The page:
The first time I caught sight of Margie was late in the springtime. I was walking through the dining room and happened to look out the windows and there she was, just beyond the Nandinas. It was startling to look out and find someone looking back. We both stood perfectly still for a moment, pretending not to notice the other.
I crept quietly to the window to get a closer look. She was beautiful and delicate like a ballerina with long thin legs. I stood there and spied on her for quite some time watching her steadily knitting and knitting the most stunning circle of lace you ever saw.
At the end of the day she was still there. And she was there again the next day. And the next day and the next day after that. We didn’t know what her name was so we just started calling her Margie and that seemed right.
Every day of the summer, Sean and I ran to the dining room windows first thing to see if Margie was still there and to watch the morning sun cast its pink and then yellow glow across her glossy web. And every day she would be there, noiseless and patient. No matter what kind of harsh weather the Texas skies served up — hot and sunny or rainy and windy – Margie stayed put, confident that she was where she was supposed to be, doing what she was supposed to be doing.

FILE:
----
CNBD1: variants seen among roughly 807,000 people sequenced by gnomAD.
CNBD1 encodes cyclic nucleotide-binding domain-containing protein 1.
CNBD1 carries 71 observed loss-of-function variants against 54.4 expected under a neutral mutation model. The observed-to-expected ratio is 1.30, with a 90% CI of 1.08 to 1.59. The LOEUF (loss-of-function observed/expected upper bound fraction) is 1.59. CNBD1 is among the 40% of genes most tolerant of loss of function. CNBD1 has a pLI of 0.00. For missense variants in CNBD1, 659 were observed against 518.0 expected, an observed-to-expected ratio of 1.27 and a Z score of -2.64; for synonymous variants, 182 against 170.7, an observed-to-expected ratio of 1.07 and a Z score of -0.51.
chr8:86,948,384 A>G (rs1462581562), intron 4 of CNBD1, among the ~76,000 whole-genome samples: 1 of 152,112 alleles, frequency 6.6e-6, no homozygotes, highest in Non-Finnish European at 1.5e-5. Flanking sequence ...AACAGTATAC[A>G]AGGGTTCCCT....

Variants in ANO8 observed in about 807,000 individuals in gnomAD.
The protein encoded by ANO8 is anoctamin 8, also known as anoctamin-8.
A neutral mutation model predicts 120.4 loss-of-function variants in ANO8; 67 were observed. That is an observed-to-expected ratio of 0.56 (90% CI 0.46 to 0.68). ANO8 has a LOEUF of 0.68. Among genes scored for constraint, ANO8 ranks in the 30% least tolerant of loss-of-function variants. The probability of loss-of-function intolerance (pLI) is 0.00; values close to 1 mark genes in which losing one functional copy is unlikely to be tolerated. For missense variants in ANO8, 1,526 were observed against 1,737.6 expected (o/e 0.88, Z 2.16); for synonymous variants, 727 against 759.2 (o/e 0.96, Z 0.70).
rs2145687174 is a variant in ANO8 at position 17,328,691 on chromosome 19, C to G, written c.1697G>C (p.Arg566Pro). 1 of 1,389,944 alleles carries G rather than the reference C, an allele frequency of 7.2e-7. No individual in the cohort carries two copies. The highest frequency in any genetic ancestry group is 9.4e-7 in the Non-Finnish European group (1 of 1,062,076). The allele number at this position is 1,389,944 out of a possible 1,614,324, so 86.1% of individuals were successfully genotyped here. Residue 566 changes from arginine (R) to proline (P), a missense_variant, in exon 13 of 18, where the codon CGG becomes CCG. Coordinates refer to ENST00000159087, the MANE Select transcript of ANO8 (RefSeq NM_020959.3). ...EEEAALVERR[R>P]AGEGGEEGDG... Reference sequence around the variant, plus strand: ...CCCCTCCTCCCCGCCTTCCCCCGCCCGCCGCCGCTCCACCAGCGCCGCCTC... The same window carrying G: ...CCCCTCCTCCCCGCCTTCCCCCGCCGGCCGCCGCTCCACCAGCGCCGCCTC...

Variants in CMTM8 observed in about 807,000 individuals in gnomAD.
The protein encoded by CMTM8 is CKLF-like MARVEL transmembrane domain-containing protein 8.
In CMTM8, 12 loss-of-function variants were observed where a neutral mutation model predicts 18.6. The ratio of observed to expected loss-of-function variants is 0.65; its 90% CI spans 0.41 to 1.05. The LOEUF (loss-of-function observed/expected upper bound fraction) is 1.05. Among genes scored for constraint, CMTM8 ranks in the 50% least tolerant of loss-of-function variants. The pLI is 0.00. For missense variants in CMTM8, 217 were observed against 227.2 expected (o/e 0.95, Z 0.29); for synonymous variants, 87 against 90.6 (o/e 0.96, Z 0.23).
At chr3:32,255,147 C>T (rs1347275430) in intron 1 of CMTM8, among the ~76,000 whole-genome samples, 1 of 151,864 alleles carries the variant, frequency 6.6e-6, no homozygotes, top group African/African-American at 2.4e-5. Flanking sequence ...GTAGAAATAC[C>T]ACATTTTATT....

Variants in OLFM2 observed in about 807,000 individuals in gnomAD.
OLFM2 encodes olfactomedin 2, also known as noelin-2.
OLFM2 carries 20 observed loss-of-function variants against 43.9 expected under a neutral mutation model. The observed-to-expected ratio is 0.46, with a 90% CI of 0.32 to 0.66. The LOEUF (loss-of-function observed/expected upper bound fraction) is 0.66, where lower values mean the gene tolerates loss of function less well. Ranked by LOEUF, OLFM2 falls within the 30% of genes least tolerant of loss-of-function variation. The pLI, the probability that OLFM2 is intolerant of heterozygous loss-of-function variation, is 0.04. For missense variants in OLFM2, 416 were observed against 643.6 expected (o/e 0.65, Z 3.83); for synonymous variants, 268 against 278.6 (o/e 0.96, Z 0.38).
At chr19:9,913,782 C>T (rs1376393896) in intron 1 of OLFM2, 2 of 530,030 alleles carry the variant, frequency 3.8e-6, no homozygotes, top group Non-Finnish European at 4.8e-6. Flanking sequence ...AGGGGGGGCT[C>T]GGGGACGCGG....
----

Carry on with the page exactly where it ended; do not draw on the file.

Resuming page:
The days are growing shorter now. The leaves are beginning to turn brown and occasionally one will spiral softly downward. Another season of life is upon us. One morning, we will look for Margie in the window suspended between the earth and sky and she won’t be there. All things come to completion.
There are probably many lessons that can be drawn from watching a spider all summer, but for me, in this season of my life where patience eludes me, Margie has taught me that there is beauty in being noiseless and patient — no matter what life serves up.